Microsoft has a lot to a lot of things
going on at this year's E3. The company already announced earlier
today that it will offer an external
HD-DVD drive that will plug into one of the Xbox 360's USB ports.
According to the Redmond, Washington based company, it will allow
HD-DVD titles to run at up to 720p. While the HD-DVD drive may be the
biggest news for peripherals on the Xbox 360, it's not the only thing
being announced today.
Wireless technology is making a big
appearance on the Xbox 360 with this next trio of peripherals. First
up is a wireless racing wheel with force feedback technology so that
you can better enjoy your favorite racing games like Forza Motorsport
2 in all its glory. Also up on deck is a new wireless headset to
give gamers the opportunity to chat wirelessly with friends and
teammates over the Xbox Live network. The unit works up to a distance of 30 feet for up to eight hours. And for those of you who want
to be able to use your Xbox 360 peripherals on your Windows based PC,
Microsoft will also make available an Xbox 360 Wireless Gaming
Receiver which plugs into a free USB port. Other accessories worth mentioning include an Xbox
Live Vision video camera and a new 256MB memory unit for the Xbox
Microsoft today also announced "Live
Anywhere." Live Anywhere will be incorporated into Microsoft's
upcoming Windows Vista operating system and will allow players to
share their gaming experience across Xbox 360, PC and mobile phone
platforms. From ABC News:
"The vision here is each platform plays its own role. We really
think we're in a unique position," Gates said. "Microsoft is probably
the only company that can pull this off."
In a demonstration, an Xbox 360 gamer using Live Anywhere was able
to send an invitation to a friend on a PC. After the PC user agreed,
the two connected for a cross-platform online gun battle.
And last, but certainly not least,
Microsoft has announced a whole gaggle of upcoming games for the Xbox
360 platform. Microsoft hopes to have available over 160
high-definition games in time for the holiday season. Of those 160+
titles, two of them are standouts. First up, the company announced
that Grand Theft Auto 4 will launch simultaneously for the Xbox 360
and Playstation 3. And we can't forget Halo 3. Bungie has officially
announced the highly anticipated third installment to the hugely
popular Halo series. Halo was THE launch title for the original Xbox
and Halo 2 racked up over $125 million in sales on its first day on
store shelves. The significance of the Halo 3 launch for the Xbox 360
platform can not be overlooked – nor can its possibility to shoot
the Xbox 360 into the stratosphere as far as popularity goes with
gamers. For those of you who want to take a look at the Halo 3
trailer, you can head on over to Bungie's
site to view it.
quote: at a great enough differential, a higher framerate can provide a 5ms or higher advantage to a player
quote: The DTV standard used in the U.S., Canada, and Mexico is named ATSC, after the Advanced Television Systems Committee, the industry-led group that originated it. ATSC allows resolution as high as 1080 by 1920 pixels, but only in an interlaced format. That means the picture is scanned in two passes, or “fields,” each lasting 1/60th of a second. The first pass leaves blank spaces between lines, which are filled in by the second pass. Because each field takes 1/60th of a second, and there are two of them, 1080i actually needs 1/30th of a second to convey a full frame—it is a 30-frames-per-second medium. Fixed-pixel displays don’t need to use scan lines but approximate the same thing in dots.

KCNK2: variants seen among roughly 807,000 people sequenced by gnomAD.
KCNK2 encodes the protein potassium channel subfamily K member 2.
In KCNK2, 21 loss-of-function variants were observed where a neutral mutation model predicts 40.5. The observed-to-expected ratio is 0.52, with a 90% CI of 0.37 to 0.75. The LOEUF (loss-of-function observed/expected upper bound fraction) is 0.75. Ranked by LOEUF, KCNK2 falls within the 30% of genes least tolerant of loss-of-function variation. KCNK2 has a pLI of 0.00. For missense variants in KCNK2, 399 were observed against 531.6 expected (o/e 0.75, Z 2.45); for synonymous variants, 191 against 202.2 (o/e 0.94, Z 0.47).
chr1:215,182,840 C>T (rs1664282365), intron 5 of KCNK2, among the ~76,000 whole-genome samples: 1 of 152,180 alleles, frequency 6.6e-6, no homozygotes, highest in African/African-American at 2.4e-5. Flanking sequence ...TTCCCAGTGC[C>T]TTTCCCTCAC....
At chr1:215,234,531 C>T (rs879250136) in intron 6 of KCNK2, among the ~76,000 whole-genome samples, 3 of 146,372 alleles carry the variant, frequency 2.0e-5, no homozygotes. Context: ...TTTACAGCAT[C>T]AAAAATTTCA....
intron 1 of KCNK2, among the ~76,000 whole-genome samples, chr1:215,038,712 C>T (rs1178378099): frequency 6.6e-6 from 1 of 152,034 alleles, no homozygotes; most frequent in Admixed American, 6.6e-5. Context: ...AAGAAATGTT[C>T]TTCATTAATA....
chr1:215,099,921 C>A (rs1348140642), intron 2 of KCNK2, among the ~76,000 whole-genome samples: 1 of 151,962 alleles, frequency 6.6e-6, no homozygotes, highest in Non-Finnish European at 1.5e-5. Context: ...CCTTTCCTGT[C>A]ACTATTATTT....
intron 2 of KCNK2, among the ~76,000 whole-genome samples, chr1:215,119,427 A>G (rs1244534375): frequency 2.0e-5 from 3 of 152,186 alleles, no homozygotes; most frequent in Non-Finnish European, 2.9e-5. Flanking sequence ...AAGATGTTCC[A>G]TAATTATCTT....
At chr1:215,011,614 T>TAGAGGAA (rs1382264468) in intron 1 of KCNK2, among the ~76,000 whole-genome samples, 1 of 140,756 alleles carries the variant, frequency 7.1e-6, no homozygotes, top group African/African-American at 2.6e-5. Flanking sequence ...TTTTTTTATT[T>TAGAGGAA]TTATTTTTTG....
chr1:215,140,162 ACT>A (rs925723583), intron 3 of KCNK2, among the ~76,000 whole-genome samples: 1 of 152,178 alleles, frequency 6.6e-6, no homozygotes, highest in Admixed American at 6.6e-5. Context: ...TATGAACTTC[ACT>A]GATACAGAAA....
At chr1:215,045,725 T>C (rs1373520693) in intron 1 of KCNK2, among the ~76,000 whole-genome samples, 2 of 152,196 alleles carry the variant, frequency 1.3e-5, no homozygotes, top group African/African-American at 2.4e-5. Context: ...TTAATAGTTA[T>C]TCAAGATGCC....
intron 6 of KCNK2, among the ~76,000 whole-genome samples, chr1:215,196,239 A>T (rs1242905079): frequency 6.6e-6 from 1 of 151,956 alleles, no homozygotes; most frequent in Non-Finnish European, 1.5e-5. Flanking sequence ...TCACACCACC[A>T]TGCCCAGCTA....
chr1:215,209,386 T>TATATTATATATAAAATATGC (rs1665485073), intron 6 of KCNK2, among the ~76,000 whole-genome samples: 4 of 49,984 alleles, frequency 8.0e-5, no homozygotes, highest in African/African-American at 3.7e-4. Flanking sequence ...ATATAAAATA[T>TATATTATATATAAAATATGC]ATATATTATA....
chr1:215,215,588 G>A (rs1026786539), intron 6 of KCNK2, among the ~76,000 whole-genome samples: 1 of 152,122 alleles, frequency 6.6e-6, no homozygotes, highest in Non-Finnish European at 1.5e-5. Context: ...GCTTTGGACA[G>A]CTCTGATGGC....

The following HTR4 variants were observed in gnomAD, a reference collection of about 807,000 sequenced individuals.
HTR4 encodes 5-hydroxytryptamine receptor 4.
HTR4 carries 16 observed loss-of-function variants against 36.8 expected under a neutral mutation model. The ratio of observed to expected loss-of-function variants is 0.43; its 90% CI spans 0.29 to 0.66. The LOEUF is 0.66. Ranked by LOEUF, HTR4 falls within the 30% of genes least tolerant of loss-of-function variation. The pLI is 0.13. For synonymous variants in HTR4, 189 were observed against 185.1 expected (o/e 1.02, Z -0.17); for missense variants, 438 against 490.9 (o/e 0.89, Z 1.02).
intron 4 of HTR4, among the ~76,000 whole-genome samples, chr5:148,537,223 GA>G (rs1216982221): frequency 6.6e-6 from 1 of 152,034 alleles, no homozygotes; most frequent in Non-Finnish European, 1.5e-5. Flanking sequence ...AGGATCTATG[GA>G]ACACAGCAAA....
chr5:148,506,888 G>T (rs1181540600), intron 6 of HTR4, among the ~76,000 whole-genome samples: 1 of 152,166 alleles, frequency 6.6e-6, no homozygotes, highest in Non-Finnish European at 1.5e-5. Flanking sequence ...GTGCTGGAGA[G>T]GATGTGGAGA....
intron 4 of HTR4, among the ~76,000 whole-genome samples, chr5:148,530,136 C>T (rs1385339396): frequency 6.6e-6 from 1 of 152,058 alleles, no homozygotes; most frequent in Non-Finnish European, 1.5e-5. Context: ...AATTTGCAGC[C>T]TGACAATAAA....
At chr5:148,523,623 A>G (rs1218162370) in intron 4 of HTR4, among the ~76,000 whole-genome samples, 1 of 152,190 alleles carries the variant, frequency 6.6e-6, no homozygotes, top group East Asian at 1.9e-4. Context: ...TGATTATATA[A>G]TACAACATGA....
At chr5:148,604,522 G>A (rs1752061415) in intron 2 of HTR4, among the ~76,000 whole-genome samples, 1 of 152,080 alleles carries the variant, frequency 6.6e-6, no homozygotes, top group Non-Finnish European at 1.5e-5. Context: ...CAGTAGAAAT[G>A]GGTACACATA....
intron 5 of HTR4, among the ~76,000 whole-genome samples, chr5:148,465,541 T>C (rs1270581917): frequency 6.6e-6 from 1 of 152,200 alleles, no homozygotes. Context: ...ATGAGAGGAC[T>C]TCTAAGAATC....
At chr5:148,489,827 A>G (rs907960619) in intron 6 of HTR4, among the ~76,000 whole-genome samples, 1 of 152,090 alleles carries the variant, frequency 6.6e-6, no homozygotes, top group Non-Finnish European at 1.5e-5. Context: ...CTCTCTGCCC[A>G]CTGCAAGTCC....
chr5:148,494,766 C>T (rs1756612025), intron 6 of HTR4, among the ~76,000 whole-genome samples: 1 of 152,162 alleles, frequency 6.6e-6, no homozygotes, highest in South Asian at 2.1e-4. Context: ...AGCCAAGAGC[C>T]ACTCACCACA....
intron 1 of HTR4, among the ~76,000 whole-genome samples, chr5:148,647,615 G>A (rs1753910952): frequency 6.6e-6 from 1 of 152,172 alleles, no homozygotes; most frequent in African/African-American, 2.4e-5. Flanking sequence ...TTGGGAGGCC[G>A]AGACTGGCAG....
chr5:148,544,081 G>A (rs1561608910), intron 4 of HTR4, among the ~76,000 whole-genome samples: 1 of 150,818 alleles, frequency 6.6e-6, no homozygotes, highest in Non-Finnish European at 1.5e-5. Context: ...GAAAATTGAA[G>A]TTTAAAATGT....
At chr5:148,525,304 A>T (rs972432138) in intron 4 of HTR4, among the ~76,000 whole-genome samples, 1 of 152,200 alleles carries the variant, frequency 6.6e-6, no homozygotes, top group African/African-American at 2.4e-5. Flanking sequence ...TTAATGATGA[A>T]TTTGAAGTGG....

The upside of interlaced scanning is that it conserves bandwidth while still providing more than two million pixels onscreen (1080 times 1920 equals 2,073,600). The ATSC adopted interlacing for the 1080-line format specifically to fit over-the-air HDTV into the same 6MHz bandwidth as an analog TV channel (though 1080i also travels via cable and satellite). The downside of interlacing is that it induces motion artifacts and other forms of distortion. The best example would be a horse race. With interlacing, the horses’ legs become a blur.
quote: Remember, 1080i delivers only a half-frame every 1/60th of a second, while 1080p can deliver a full frame in that amount of time. That gives the video processor some headroom that it can use to manipulate the signal. This is exactly what a progressive-scan DVD player does, except that it converts a 480i signal to 480p. If you can see the difference between an interlaced-scan DVD player vs. a progressive-scan model, you may see the difference between 1080i and 1080p.
quote: Another reason why 720 looks better than 1080 in HDTV is because the 1080-line formats that can offer better temporal resolution than 720 are not part of the standard. Although the ATSC includes 1080p formats, they are capped at 24 and 30 frames per second; so there are neither 1080p50 nor 1080p60 variants, which are the only 1080-line formats that will (in practice) surpass 720p60.
quote: The reason for that is that 1080p50 and 1080p60 would exceed the 19Mbit/s bandwidth allotted in a 6Mhz channel as required by the ATSC standard. The highest HDTV formats that don’t exceed that limit (and in fact are very close to it) are 720p60, 1080p30 and 1080i60.
quote: Just because the ATSC standard doesn’t include 1080p formats with higher frame rates than 30 frames per second doesn’t mean there are no higher display rate formats in existence, or that TV manufacturers can’t go beyond the ATSC 1080 line formats. TV manufacturers have already produced displays that can display a 1080 progressive signal up to 60 frames per second; those are the HDTV sets advertised as 1080p.